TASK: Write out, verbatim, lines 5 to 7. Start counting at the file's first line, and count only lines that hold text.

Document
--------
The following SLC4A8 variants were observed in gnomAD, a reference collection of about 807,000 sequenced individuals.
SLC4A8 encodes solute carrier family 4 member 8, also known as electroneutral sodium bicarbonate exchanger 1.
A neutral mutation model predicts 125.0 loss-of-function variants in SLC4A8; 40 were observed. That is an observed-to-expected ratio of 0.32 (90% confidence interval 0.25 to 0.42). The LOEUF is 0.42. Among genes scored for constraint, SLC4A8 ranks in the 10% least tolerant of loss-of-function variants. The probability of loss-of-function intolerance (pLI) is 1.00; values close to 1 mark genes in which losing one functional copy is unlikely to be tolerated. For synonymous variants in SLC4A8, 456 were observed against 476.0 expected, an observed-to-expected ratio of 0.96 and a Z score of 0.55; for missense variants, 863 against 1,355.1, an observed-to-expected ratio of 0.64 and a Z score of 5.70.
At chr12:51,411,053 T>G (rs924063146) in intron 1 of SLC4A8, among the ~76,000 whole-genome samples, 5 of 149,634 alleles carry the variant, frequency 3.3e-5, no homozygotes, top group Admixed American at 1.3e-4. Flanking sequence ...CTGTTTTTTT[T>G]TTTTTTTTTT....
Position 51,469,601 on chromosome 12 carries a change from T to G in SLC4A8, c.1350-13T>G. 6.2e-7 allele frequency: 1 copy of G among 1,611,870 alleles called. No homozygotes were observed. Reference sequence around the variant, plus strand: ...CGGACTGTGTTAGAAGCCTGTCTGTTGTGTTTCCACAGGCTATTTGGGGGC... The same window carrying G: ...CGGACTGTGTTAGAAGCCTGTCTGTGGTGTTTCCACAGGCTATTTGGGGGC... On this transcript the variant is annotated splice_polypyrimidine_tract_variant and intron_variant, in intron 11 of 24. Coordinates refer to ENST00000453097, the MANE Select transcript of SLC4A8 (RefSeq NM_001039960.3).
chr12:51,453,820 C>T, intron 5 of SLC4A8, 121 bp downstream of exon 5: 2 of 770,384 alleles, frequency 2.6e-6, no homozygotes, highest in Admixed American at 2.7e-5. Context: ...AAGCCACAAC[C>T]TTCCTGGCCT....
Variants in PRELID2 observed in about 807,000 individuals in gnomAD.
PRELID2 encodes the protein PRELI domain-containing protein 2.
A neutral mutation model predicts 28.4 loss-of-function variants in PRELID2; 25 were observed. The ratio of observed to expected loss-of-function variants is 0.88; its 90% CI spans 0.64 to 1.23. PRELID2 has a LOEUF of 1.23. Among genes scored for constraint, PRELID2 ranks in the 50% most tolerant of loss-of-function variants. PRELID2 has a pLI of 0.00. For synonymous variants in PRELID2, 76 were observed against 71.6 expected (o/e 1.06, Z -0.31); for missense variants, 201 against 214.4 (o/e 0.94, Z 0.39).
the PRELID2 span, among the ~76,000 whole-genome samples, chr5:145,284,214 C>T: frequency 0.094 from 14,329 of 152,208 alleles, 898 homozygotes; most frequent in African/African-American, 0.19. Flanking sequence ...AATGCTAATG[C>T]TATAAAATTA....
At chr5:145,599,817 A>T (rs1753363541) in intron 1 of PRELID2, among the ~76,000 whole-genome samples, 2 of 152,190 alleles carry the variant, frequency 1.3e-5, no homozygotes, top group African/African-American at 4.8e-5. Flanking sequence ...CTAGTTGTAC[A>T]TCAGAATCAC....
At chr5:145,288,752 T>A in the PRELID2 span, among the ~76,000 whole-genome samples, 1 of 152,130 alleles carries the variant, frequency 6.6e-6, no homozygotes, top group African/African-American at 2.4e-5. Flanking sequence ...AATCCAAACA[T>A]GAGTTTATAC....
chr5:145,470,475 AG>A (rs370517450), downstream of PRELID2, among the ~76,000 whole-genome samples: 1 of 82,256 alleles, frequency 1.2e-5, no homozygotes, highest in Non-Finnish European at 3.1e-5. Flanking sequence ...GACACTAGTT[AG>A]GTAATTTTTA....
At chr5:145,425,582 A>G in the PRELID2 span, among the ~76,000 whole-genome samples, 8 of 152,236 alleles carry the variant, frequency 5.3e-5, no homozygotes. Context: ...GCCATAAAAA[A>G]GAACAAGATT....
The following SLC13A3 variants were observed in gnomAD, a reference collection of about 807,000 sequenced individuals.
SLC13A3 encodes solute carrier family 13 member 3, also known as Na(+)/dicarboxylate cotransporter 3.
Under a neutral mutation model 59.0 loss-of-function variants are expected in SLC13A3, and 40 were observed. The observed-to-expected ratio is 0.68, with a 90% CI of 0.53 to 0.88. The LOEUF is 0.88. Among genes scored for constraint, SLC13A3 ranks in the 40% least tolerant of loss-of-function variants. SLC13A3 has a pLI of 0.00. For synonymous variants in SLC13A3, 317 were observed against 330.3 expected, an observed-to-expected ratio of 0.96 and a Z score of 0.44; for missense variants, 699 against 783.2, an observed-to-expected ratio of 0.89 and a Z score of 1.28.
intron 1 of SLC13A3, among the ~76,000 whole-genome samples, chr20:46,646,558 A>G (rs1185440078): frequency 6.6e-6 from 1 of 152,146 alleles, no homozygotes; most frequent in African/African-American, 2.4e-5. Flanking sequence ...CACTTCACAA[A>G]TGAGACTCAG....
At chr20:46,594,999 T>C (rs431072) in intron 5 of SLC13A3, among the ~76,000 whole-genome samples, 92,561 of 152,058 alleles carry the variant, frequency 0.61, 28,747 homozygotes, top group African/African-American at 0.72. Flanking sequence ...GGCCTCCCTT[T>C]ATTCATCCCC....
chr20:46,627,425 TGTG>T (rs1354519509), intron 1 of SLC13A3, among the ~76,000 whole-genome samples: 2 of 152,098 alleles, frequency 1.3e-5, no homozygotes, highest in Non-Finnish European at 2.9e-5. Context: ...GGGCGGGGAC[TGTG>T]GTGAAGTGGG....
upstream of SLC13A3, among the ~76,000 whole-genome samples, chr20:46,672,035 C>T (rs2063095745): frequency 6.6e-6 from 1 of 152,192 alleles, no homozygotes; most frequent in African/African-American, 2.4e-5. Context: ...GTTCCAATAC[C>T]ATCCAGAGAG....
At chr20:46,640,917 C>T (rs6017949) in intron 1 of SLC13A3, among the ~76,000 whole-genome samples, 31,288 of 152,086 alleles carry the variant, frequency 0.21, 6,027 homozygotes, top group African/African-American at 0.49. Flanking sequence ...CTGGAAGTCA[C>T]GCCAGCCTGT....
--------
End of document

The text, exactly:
Position 51,469,601 on chromosome 12 carries a change from T to G in SLC4A8, c.1350-13T>G. 6.2e-7 allele frequency: 1 copy of G among 1,611,870 alleles called. No homozygotes were observed. Reference sequence around the variant, plus strand: ...CGGACTGTGTTAGAAGCCTGTCTGTTGTGTTTCCACAGGCTATTTGGGGGC... The same window carrying G: ...CGGACTGTGTTAGAAGCCTGTCTGTGGTGTTTCCACAGGCTATTTGGGGGC... On this transcript the variant is annotated splice_polypyrimidine_tract_variant and intron_variant, in intron 11 of 24. Coordinates refer to ENST00000453097, the MANE Select transcript of SLC4A8 (RefSeq NM_001039960.3).
chr12:51,453,820 C>T, intron 5 of SLC4A8, 121 bp downstream of exon 5: 2 of 770,384 alleles, frequency 2.6e-6, no homozygotes, highest in Admixed American at 2.7e-5. Context: ...AAGCCACAAC[C>T]TTCCTGGCCT....
Variants in PRELID2 observed in about 807,000 individuals in gnomAD.